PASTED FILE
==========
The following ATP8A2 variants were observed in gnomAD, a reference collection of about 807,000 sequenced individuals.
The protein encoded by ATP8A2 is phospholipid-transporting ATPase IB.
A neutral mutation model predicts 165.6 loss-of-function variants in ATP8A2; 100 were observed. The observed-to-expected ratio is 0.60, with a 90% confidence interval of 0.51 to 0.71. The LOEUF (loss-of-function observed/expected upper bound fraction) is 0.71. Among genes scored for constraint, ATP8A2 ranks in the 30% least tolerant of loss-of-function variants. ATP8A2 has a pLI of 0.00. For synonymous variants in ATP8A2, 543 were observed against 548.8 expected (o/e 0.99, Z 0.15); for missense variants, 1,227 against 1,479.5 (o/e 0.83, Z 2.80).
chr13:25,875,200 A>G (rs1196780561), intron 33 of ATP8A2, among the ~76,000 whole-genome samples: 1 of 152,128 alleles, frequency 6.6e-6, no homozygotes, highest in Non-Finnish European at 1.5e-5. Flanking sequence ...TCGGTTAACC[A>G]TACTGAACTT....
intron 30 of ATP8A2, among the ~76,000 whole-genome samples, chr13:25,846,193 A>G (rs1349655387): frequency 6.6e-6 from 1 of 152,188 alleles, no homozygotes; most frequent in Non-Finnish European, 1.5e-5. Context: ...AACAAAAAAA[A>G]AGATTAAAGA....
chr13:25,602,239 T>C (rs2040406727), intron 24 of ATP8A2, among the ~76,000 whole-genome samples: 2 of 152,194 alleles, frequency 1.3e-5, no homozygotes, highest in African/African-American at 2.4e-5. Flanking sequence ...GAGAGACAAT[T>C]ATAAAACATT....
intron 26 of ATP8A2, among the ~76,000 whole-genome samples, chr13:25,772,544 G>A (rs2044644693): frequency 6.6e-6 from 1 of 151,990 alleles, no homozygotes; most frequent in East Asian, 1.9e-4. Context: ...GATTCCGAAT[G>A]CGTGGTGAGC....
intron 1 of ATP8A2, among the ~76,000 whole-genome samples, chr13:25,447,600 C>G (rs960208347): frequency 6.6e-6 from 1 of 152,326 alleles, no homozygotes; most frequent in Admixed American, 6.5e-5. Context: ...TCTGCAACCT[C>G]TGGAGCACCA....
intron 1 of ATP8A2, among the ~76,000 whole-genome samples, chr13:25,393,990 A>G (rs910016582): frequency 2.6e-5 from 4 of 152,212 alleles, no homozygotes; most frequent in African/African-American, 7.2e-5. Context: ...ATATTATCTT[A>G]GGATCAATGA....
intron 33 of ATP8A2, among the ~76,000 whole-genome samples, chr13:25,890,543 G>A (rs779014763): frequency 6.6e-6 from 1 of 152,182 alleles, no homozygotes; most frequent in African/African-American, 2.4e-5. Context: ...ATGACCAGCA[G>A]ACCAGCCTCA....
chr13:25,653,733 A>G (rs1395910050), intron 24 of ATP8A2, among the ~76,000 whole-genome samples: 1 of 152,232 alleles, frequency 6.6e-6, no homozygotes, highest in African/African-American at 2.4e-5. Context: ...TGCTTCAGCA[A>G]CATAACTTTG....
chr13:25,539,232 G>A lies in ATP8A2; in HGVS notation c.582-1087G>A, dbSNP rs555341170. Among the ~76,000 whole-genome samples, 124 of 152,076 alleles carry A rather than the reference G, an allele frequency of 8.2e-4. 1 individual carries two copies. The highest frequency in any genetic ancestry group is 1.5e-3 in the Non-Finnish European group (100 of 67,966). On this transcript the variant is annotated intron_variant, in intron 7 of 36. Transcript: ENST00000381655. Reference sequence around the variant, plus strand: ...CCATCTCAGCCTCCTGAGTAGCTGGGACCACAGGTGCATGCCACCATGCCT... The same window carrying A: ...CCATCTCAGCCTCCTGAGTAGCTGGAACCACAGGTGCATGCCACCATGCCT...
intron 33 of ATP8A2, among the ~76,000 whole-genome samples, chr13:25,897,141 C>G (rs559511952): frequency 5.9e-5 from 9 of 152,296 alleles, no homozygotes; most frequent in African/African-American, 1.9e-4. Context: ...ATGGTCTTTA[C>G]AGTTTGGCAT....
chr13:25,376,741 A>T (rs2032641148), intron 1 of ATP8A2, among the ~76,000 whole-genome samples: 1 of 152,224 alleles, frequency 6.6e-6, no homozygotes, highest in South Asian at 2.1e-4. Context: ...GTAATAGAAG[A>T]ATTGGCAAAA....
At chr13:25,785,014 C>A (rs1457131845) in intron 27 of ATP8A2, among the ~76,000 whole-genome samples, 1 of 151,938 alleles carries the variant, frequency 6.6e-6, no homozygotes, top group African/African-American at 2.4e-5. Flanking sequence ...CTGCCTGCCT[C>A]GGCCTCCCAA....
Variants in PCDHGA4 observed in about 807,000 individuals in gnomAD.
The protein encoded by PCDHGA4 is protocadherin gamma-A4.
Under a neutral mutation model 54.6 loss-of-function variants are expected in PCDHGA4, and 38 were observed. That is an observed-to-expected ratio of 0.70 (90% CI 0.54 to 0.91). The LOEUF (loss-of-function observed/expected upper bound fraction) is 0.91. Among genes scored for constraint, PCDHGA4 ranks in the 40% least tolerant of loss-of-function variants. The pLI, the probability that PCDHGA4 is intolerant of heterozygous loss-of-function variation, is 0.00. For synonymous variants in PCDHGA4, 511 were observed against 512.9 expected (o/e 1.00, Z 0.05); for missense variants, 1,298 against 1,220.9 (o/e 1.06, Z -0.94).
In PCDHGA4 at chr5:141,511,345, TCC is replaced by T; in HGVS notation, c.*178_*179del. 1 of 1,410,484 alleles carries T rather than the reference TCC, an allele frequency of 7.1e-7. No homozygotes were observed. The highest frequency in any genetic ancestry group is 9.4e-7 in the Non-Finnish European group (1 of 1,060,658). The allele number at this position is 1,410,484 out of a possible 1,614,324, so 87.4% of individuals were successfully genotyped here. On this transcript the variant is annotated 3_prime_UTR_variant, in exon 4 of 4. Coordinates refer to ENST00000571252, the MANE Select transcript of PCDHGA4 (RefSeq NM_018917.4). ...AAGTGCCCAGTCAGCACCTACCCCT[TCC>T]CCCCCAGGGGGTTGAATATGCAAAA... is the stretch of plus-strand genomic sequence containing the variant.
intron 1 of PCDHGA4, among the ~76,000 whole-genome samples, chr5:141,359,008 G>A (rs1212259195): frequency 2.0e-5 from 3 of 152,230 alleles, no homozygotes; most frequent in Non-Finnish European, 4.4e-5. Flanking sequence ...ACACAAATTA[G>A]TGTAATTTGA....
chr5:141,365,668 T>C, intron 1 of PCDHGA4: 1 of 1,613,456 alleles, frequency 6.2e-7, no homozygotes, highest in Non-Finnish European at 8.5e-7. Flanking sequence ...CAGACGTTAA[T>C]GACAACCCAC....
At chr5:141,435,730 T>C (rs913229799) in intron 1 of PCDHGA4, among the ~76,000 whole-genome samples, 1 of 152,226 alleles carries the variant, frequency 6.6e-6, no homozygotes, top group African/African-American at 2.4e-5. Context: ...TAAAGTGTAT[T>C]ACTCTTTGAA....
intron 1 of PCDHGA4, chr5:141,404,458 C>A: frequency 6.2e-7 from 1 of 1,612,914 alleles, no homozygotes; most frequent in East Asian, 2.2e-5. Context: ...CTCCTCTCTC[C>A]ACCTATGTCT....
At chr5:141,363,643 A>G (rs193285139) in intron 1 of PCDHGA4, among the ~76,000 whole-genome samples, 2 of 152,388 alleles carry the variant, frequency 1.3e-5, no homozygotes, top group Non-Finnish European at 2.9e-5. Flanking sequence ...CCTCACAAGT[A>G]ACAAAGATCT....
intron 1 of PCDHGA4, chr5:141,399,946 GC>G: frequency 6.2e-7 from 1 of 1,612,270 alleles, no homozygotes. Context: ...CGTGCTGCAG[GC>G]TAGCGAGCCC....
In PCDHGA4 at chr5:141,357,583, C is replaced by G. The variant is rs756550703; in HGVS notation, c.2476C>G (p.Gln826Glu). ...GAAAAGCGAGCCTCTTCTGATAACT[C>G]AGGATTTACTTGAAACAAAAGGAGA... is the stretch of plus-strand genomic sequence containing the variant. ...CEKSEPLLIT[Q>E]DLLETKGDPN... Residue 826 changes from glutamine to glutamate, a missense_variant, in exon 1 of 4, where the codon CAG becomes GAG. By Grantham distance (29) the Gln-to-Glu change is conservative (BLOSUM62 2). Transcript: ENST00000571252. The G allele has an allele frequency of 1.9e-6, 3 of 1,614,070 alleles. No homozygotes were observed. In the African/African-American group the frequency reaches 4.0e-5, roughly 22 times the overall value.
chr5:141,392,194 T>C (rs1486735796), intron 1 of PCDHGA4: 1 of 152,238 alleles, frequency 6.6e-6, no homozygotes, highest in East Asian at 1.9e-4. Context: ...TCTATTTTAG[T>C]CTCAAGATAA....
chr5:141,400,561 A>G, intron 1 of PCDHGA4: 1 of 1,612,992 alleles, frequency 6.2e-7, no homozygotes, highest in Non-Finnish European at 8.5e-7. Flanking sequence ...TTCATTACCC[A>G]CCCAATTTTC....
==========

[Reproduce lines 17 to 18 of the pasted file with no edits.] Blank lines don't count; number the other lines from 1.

The protein encoded by PCDHGA4 is protocadherin gamma-A4.
Under a neutral mutation model 54.6 loss-of-function variants are expected in PCDHGA4, and 38 were observed. That is an observed-to-expected ratio of 0.70 (90% CI 0.54 to 0.91). The LOEUF (loss-of-function observed/expected upper bound fraction) is 0.91. Among genes scored for constraint, PCDHGA4 ranks in the 40% least tolerant of loss-of-function variants. The pLI, the probability that PCDHGA4 is intolerant of heterozygous loss-of-function variation, is 0.00. For synonymous variants in PCDHGA4, 511 were observed against 512.9 expected (o/e 1.00, Z 0.05); for missense variants, 1,298 against 1,220.9 (o/e 1.06, Z -0.94).